Radicalised Muslim Who Attempted to Kill Canadian Soldiers ‘Not a Terrorist’

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A 31-year-old Muslim man who attempted to assassinate two Canadian soldiers in Toronto in 2016 has been deemed by a Canadian court to not be a terrorist and not liable for his actions due to mental health issues.

Ayanle Hassan Ali attempted his attack on Canadian soldiers in March of 2016 when he broke into the Canadian Armed Forces Recruiting Center in northern Toronto, producing a knife which he attempted to use on a soldier sitting behind a counter before other armed forces personnel were able to subdue him, the Toronto Sun reports.

While he was initially charged with one count of terrorism, three counts of attempted murder, three counts of armed assault, one count of possession of a weapon for a dangerous purpose, and two counts of assault causing bodily harm, a Canadian court found Ali not criminally responsible due to his mental state as he suffers from schizophrenia.

Canadian Federal Prosecutors attempted to have Ali retried on terrorism charges but a court of appeal ruled that a prior judgement which deemed him a lone wolf, rather than a terrorist acting on behalf of a terror group, would stand and no new trial would take place.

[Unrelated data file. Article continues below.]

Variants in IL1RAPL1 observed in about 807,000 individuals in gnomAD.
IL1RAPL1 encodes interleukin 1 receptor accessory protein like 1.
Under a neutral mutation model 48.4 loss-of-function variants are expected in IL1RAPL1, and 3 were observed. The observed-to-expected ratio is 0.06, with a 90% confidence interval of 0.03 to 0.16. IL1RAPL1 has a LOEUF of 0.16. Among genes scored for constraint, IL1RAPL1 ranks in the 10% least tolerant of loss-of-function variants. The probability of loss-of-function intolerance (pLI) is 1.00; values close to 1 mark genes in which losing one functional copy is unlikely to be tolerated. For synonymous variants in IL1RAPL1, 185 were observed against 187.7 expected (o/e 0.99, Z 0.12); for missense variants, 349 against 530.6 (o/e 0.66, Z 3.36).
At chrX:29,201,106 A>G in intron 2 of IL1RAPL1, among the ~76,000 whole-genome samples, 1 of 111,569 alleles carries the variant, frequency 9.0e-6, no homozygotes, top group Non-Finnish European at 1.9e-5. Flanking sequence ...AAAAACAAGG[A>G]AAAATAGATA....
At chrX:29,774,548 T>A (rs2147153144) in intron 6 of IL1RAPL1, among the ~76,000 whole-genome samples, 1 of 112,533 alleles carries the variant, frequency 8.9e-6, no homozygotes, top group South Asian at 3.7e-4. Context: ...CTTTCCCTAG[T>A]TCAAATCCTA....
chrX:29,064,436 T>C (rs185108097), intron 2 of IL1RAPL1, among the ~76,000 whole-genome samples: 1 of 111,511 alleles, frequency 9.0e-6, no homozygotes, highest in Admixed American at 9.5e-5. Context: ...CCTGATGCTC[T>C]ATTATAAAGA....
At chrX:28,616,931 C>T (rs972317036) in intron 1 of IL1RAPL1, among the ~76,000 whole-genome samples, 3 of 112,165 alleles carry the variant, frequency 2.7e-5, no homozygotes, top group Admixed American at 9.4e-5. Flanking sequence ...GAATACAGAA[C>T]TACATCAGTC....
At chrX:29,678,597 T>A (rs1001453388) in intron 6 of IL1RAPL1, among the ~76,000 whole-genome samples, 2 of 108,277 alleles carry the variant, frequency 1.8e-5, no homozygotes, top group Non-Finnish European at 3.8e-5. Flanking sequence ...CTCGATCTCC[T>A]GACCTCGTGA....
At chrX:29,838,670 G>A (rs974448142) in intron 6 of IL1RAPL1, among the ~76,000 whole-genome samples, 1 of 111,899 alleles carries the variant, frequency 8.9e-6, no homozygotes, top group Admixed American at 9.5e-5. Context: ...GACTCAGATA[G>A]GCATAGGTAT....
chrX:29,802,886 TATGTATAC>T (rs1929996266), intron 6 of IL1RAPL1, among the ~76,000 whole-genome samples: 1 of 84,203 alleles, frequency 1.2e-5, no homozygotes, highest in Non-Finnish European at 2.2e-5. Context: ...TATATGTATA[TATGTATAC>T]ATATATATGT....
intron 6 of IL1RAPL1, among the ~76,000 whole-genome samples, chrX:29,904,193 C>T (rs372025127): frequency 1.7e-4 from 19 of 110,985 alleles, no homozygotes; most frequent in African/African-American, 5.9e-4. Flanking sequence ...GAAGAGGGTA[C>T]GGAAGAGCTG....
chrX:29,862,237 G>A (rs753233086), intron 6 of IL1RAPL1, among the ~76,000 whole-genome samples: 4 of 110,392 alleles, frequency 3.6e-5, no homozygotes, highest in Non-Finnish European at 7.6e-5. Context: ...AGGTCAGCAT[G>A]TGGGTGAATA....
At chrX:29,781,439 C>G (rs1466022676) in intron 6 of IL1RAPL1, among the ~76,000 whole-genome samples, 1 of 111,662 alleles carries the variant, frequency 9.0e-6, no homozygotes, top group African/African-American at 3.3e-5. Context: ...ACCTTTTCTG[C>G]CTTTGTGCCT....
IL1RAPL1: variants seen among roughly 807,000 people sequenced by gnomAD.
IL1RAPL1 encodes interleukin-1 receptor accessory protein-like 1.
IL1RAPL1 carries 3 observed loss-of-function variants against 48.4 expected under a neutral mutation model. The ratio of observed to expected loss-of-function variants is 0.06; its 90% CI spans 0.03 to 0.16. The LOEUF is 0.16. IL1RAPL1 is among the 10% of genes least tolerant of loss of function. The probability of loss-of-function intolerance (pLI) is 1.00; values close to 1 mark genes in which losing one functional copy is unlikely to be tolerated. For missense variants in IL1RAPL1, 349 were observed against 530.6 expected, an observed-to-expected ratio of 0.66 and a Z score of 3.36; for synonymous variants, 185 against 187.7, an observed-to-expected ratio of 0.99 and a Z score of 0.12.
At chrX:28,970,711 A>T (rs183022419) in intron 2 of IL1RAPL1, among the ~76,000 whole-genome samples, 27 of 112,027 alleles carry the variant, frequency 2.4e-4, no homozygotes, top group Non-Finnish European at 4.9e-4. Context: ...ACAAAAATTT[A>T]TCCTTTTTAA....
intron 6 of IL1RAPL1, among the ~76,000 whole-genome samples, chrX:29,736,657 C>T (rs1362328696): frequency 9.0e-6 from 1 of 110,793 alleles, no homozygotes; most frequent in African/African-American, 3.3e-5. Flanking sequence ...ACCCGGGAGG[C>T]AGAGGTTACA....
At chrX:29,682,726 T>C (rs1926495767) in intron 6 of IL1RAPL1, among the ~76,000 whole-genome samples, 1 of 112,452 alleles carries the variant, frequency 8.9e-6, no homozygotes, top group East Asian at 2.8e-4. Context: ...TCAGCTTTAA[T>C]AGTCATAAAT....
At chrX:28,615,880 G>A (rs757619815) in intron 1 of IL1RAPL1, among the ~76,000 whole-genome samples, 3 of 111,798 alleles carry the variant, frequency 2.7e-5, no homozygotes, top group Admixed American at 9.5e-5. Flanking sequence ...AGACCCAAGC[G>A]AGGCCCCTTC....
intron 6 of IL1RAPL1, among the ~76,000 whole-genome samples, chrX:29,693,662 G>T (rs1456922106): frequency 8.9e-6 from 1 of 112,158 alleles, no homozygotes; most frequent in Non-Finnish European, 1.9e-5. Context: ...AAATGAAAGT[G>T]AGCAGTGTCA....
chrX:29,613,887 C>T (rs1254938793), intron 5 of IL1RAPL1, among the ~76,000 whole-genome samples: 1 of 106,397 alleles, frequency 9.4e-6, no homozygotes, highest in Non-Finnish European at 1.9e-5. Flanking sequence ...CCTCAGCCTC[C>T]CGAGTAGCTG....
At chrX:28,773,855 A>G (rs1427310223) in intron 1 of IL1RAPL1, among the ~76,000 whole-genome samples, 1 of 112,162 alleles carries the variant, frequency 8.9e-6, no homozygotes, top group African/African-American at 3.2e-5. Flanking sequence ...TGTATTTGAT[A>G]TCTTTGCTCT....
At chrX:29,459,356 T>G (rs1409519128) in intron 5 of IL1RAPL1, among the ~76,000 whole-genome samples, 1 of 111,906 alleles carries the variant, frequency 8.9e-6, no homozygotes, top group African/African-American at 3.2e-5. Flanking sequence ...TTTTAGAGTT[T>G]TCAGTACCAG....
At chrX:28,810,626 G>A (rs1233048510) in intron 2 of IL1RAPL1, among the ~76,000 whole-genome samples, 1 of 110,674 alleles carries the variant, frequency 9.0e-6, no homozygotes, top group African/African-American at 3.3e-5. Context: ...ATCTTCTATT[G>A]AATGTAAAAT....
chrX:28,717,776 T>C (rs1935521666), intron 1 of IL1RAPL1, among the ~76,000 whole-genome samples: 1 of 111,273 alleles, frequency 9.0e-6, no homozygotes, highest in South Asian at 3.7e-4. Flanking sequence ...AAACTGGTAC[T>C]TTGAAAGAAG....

The Ontario Review Board held a review on Ali’s case in July and deemed him to still be a significant risk to the public but added that if Ali can control his beliefs, he may be entitled to 48 hours passes to visit family in Toronto.

A similar pass was given to London Bridge terror attacker Usman Khan who murdered two people in November. Khan was out of prison on licence and given special leave to enter the British capital to attend a prisoner rehabilitation event when he began his attack.

Canada also faces a potential threat from returning Islamic State fighters, such as 22-year-old Ikar Mao who has been charged with leaving Canada to join the Islamic State terror group and participate in its activities.

Others, however, have returned to Canada without being charged with any crimes, such as an unnamed Pakistani-Canadian man who told media in 2017 that he regretted travelling to Syria and joining the group.

Follow Chris Tomlinson on Twitter at @TomlinsonCJ or email at ctomlinson(at)breitbart.com

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